The CEO of Silicon Valley’s largest chamber of commerce has resigned amid outrage over a campaign ad that some called racist appearing on the organization's home page.
On Thursday, the Silicon Valley Organization, formerly the Silicon Valley Chamber of Commerce, announced CEO Matt Mahood resigned his post and the agency was launching a "top-down," third-party investigation. At least three board members also resigned.
The ad depicting Black men apparently rioting with the caption “Do you really want to sign on to this?” was posted on the Silicon Valley Organization’s (SVO) website and was part of a Facebook ad campaign attacking Jake Tonkel, a San Jose City Council candidate, who the SVO said supports defunding police. But it struck a nerve for many people.
“I was disgusted, disappointed and angered immediately,” said Rev. Jethro Moore II from Silicon Valley NAACP.
The controversial photo is not of San Jose – it’s unclear where it was taken.
Madison Nguyen, the SVO's executive vice president, said the organization's political action committee's activities have been suspended pending the outcome of a third-party investigation. Some voters may still receive SVO mailers because they were sent earlier, she said.
Some candidates who received campaign contributions from the SVO have donated the money.
A number of prominent community groups have decided to cut ties with the SVO, dropping out in disgust and anger.
"Seemingly every election cycle the SVO is forced to issue an apology due to actions of its PAC," SPUR Director Teresa Alvarado said. "That will no longer be sufficient."
Tonkel, a self-described progressive, was pleased to see the community backlash.
"These things are all blatantly false, but, at the same time, the community has shown that they’re also smart, that they see multiple attack ads and they’re disgusted," he said.
Mahood released a statement Thursday, saying in part: "I have spent the last 9-plus years working hard to make San Jose a better place to live, work, play, raise a family and to run a business. Over that time, myself and the organization have achieved many of our goals – working collaboratively. ... But also, along the way, we have made some mistakes, and as CEO, I take full responsibility for those mistakes and missteps."
According to an SVO blog post Wednesday, the intent of the photo was to illustrate the consequence of cutting police budgets.
That's not how some people took it.
“Words and images are powerful, and they can be warped, and they can be deceptive. And the last thing I want is for people to be deceived into thinking that low-income families are going to hurt them or that Black people are dangerous,” said NAACP member Elizabeth Kamya.
The Silicon Valley NAACP had called for the immediate dismissal of Mahood.
On the SVO website, the entire staff page has been removed.
SVO issued an apology, saying, “We are horrified by this image as it does not represent the values of the organization, the leadership, the board of directors or our members. For that, we apologize.”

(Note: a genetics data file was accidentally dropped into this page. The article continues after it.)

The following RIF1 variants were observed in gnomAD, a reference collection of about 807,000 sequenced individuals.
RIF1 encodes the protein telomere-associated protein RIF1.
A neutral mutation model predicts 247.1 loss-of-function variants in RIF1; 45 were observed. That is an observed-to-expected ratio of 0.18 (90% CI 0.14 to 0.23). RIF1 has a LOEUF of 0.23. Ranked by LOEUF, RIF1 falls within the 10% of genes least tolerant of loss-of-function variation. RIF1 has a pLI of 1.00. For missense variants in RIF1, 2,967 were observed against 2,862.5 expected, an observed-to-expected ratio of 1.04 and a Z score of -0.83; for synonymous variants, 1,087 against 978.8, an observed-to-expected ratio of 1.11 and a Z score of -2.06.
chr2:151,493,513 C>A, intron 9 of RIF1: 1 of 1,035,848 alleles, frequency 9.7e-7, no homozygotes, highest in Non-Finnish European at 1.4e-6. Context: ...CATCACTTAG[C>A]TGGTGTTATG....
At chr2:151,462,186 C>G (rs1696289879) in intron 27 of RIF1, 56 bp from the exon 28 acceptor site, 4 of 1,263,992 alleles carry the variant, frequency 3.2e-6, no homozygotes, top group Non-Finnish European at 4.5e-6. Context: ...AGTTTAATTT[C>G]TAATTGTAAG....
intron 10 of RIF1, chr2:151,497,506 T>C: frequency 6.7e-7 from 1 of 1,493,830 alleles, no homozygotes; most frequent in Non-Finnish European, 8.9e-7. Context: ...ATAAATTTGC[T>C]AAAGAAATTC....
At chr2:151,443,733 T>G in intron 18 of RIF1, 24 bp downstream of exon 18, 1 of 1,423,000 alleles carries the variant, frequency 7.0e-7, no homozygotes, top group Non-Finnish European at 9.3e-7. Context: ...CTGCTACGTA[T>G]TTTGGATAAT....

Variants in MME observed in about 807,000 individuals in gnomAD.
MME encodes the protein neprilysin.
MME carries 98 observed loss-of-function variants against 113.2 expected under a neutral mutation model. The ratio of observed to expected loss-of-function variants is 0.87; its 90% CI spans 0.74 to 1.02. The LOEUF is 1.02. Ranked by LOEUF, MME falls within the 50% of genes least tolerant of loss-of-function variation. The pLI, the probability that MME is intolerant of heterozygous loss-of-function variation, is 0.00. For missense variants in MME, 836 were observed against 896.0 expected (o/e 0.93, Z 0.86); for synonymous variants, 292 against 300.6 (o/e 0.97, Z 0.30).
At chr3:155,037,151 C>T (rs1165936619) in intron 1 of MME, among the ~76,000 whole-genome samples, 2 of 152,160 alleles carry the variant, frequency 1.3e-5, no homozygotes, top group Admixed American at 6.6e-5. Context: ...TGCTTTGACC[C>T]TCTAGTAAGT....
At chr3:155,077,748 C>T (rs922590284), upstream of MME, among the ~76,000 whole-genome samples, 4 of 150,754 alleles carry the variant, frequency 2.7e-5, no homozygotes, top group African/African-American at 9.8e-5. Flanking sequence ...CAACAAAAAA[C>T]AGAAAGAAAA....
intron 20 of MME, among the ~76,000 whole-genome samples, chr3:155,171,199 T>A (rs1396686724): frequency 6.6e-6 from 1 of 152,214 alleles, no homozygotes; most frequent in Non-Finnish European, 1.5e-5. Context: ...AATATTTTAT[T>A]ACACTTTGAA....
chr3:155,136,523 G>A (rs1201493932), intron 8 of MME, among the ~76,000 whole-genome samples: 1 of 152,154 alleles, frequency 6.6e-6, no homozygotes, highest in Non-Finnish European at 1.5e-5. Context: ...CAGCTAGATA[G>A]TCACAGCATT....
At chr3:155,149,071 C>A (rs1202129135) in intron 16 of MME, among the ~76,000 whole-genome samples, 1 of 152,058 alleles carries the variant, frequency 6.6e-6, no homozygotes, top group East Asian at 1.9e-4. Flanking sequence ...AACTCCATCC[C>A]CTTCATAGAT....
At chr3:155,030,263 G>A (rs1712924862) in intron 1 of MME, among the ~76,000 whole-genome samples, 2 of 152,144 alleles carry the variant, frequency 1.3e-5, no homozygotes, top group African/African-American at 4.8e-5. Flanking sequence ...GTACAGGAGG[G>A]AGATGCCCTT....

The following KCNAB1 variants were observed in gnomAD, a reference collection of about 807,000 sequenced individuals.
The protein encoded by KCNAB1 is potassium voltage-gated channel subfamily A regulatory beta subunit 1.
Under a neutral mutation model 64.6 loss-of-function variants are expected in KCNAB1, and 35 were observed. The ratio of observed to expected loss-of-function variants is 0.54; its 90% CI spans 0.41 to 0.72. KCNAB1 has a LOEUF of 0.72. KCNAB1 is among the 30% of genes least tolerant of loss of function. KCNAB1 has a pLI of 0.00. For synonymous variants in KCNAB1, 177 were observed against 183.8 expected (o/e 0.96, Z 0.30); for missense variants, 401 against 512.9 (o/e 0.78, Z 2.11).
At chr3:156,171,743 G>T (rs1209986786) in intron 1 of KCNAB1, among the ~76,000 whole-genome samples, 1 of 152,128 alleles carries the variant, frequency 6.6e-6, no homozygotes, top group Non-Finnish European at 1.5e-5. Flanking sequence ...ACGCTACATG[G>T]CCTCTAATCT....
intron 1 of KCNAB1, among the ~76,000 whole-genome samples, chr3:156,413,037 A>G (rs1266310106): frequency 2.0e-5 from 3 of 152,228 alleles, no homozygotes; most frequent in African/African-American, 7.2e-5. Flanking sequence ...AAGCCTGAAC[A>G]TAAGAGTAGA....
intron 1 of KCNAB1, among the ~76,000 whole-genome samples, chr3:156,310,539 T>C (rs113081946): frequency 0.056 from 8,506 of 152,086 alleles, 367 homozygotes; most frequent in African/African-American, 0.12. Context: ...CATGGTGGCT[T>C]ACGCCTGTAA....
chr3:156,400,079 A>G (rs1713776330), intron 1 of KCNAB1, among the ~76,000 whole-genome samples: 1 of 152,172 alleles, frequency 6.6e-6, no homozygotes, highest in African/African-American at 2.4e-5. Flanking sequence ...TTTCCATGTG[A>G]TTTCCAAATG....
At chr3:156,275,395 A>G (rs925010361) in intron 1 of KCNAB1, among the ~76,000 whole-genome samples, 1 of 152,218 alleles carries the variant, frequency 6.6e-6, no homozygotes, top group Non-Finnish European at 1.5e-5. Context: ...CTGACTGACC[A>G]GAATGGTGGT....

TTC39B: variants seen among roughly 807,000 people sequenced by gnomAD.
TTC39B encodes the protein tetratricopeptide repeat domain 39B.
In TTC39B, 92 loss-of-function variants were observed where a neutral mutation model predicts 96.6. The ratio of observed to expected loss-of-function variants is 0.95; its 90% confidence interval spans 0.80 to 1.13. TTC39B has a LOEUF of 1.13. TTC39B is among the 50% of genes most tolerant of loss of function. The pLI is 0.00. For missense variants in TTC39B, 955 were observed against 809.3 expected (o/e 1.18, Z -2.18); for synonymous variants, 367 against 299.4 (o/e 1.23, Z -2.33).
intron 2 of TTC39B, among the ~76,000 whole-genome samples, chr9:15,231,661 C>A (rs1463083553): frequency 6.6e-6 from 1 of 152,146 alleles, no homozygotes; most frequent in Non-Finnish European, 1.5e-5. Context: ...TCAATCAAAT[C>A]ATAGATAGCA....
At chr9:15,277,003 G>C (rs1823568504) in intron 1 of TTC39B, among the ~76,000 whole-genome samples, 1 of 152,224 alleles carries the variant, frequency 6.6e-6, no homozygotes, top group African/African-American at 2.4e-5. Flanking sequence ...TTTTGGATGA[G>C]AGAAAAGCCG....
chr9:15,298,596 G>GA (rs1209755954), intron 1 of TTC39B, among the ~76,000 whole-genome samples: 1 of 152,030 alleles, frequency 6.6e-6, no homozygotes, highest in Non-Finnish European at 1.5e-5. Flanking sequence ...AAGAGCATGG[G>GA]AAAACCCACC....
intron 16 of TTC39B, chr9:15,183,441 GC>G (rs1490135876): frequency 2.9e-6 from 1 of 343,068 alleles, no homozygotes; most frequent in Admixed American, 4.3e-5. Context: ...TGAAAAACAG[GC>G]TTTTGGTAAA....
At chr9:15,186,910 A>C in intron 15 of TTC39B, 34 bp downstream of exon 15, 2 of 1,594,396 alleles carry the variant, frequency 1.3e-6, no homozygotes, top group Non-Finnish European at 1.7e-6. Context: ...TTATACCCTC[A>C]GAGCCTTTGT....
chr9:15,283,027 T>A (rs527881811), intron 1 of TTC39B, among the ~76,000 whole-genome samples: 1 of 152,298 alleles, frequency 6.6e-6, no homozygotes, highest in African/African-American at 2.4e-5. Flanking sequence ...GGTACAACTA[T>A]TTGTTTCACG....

During an afternoon event Wednesday at City Hall, Moore also called on candidates who have received campaign contributions from the SVO to donate the funds. District 6 City Councilwoman Dev Davis, who is running against Tonkel, already handed over a check.
"Well, I hope when people are making their decision, they focus on the ideas, the qualifications and the experience of the candidates and don’t focus on the noise that is happening from outside groups," Davis said.
It's not the first time the SVO’s political action committee has been accused of racially insensitive tactics. In 2019, it sponsored a campaign aimed at two Latino politicians – and darkened their photos – again leading to calls of racism.
San Jose Mayor Sam Liccardo issued a tweet denouncing this latest controversy and specifically mentioned Mahood.
Here's Mahood's statement in full:
"As President & CEO of the Silicon Valley Organization, the level of responsibility and accountability is extremely high. I have spent the last 9 plus years working hard to make San Jose a better place to live, work, play, raise a family and to run a business. Over that time, myself and the organization have achieved many of our goals – working collaboratively. I love my work, the people I work with, the SVO, the board of directors and our community.
"But also, along the way, we have made some mistakes, and as CEO, I take full responsibility for those mistakes and missteps. I am very sorry for the completely unacceptable image that was put up on our website earlier this week. That image and messaging DOES NOT represent who I am as a man, a father, a husband or community leader. The people who know me and work with me on a regular basis know that. And I also know that the image and messaging does NOT represent the values of our members or the SVO Board of Directors.
"Although the SVO internal investigation has not yet been conducted or concluded, I am confident that the results of the investigation will show a breakdown of internal process and control, and that I had no knowledge of the image’s posting on our website. And in fact, as soon as I was made aware that the webpage existed, I had it taken down immediately. The investigation will find that it was a horrible mistake made by someone on the SVO team – the team for whom I am ultimately responsible for.
"However, the events of the last few days make it clear to me that it is best for the Silicon Valley Organization, for me and our community that I resign from my position as President & CEO so that we may begin the process of healing, working together and breaking down the barriers and divisiveness that exists in our country and community."